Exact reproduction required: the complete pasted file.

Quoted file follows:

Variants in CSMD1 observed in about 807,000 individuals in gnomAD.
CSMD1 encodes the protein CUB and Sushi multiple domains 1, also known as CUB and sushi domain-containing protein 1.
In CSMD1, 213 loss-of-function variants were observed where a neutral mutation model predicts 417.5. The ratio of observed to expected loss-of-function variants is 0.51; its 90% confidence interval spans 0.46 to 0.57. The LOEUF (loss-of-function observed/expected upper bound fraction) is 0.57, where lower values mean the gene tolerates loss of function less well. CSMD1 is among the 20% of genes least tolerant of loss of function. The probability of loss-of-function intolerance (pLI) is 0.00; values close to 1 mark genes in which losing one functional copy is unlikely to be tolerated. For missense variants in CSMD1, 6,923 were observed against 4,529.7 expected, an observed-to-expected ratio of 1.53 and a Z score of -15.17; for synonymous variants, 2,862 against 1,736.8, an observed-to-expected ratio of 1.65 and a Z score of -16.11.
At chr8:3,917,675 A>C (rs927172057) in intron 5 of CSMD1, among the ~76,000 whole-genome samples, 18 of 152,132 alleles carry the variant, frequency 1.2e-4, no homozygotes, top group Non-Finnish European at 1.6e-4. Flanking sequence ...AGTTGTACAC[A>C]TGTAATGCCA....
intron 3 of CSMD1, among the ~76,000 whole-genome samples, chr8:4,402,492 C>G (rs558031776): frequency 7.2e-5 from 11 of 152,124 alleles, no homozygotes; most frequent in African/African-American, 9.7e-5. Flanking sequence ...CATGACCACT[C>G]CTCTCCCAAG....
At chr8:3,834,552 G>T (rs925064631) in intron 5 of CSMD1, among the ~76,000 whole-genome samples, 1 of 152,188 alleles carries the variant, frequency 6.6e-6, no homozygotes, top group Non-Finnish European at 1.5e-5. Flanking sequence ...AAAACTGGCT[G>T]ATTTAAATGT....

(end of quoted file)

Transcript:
Variants in CSMD1 observed in about 807,000 individuals in gnomAD.
CSMD1 encodes the protein CUB and Sushi multiple domains 1, also known as CUB and sushi domain-containing protein 1.
In CSMD1, 213 loss-of-function variants were observed where a neutral mutation model predicts 417.5. The ratio of observed to expected loss-of-function variants is 0.51; its 90% confidence interval spans 0.46 to 0.57. The LOEUF (loss-of-function observed/expected upper bound fraction) is 0.57, where lower values mean the gene tolerates loss of function less well. CSMD1 is among the 20% of genes least tolerant of loss of function. The probability of loss-of-function intolerance (pLI) is 0.00; values close to 1 mark genes in which losing one functional copy is unlikely to be tolerated. For missense variants in CSMD1, 6,923 were observed against 4,529.7 expected, an observed-to-expected ratio of 1.53 and a Z score of -15.17; for synonymous variants, 2,862 against 1,736.8, an observed-to-expected ratio of 1.65 and a Z score of -16.11.
At chr8:3,917,675 A>C (rs927172057) in intron 5 of CSMD1, among the ~76,000 whole-genome samples, 18 of 152,132 alleles carry the variant, frequency 1.2e-4, no homozygotes, top group Non-Finnish European at 1.6e-4. Flanking sequence ...AGTTGTACAC[A>C]TGTAATGCCA....
intron 3 of CSMD1, among the ~76,000 whole-genome samples, chr8:4,402,492 C>G (rs558031776): frequency 7.2e-5 from 11 of 152,124 alleles, no homozygotes; most frequent in African/African-American, 9.7e-5. Flanking sequence ...CATGACCACT[C>G]CTCTCCCAAG....
At chr8:3,834,552 G>T (rs925064631) in intron 5 of CSMD1, among the ~76,000 whole-genome samples, 1 of 152,188 alleles carries the variant, frequency 6.6e-6, no homozygotes, top group Non-Finnish European at 1.5e-5. Flanking sequence ...AAAACTGGCT[G>T]ATTTAAATGT....